Road rage is relatively an upcoming concept that began in the 1990s after media put more focus on incidents leading to road rage. A number of commentators are of the idea that road rage more of media invention rather than actual occurrences. It is likely that a driver could have encountered one form or another of road rage either as a victim or a perpetrator. Moreover, road rage and results of aggressive driving include deaths and other forms of damage amounting to billions of dollars. Unfortunately, there is likely more such problems since vehicle use is increasing every day. As a result, some countries such as UK, US, and China have started to adopt measures of preventing careless driving especially after the acknowledgment that road rage is a real problem.
Within the definition of road rage, there ought to be all manner of anti-social behavior and aggressive use of the road. The behaviors affiliated with road rage range from horn beeping, gestures, and attempts that threaten to physical assault. A much broader definition is used in this scenario since the problems being addressed much bigger than behaviors of the criminal aspect. According to Ayar (2006) the British Crime Survey unit indicated 54% of the drivers to have been victims of road rage though just 3% faced the threat of violence, and another 9% had been coerced to pull over. The conceptualization as adopted by American Automobile Association (AAA) for Traffic Safety perceives aggression as having no regard towards other peoples’ safety. According to AAA, aggressive driving is a more common phenomenon than road rage but in most cases the latter is seen as the extreme extension of aggressive practices. There are four dimensions of road rage including driving aggressiveness, impatient driving, and competition on the road and punishing kind of driving. The four dimensions have been used by Israel researchers and more than 60% participants admitted to one form or another of aggressive driving.
Like other forms of anger, road rage may result from stress and anger. Stress is usually a result of ‘stressors’ that are occurrences that cause a disturbance in the equilibrium demanding some adaptive responses. Stress as a factor causes physical changes to a body and stimulates one adopt either a flight or fight response. In such a case, the biological reactions happening in one’s body tend to increase the strength by reducing the supply of blood to extremities and hence boosting the potential to aggression. In the event of driving, the flight option is not realistic and, therefore, the predominant response if ‘fight’. It is argued that driving in congested areas is a major factor contributing towards stress with even people who are slow to anger, fast losing control. In such environments, the drivers are exposed to numerous stressors like the noise pollution, congestion, and very disturbing temperatures. According to Nahl (2002) there are a number of triggering factors of stress such as immobility and inability to take control of situations. While listening to recorded tapes and analysis of messages collected from thousands of drivers, James a researcher, found out that drivers are in the constant encounter of anger and frustrations even when doing short trips. As in the effect of Jekyll and Hyde, even the very ordinary, amicable and big-hearted persons tend to be excessively intolerant and adopt anti-social behaviors the soonest they sit behind the driving wheel. It seems like the driver’s personality faces a rapid transmission to being emotionally unintelligent from their previous status of being polite and very tolerant.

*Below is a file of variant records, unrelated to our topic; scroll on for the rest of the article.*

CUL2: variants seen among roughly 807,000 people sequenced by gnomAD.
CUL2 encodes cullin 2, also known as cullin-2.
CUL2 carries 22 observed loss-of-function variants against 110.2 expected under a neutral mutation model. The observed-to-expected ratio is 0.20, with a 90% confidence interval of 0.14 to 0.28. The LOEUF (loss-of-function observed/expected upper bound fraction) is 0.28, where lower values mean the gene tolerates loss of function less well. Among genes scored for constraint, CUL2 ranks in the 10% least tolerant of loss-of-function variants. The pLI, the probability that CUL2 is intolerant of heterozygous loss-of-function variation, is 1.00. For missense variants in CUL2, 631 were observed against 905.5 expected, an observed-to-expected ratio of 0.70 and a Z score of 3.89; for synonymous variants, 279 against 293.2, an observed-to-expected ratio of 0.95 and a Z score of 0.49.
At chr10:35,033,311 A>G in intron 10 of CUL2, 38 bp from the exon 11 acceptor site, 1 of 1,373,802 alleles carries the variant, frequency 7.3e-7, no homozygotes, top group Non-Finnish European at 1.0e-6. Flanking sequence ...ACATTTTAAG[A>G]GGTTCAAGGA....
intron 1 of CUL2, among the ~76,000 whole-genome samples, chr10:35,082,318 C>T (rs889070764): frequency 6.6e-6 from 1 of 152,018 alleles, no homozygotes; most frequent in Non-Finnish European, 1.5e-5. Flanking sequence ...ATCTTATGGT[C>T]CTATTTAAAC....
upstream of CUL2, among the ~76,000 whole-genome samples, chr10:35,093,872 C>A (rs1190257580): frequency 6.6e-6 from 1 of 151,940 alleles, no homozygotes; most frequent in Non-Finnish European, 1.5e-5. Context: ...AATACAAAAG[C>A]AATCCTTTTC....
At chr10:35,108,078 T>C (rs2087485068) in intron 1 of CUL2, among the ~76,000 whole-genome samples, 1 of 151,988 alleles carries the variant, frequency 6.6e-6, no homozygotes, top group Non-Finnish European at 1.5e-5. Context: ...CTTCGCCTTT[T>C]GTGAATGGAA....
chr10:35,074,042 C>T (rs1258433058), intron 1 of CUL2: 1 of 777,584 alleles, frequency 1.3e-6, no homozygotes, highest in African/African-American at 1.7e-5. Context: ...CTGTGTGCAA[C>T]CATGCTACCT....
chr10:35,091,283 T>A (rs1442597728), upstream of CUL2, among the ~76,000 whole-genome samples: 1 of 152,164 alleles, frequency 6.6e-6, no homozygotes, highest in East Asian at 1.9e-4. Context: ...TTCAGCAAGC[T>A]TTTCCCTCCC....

Also, there is a perception that driving is a male-oriented activity that comes along with the power to control machines while taking risks on speed. Zuckerman supports this idea with the notion that males are higher risk takers as compared to females. Even though male drivers are more likely competitive, female, on the other hand, tend to be careful and rarely take chances. While women are considerate of road users and respect traffic rules, men are rude and have little self-control. Moreover, the response to stress is different for women. While the men are more drifted towards ‘fights’, women adopt a ‘tend and befriend’ reaction. As a result, women are better drivers compared to men since they are more concerned about welfare. In fact, women are charged lower premiums by the insurance companies because they have a lower probability to causing accidents. On the contrary, James a traffic psychologist observes that in recent time’s women have become more aggressive drivers just like their fellow men in emotional reactions. He argues that what matters most is the power of the car rather than muscles.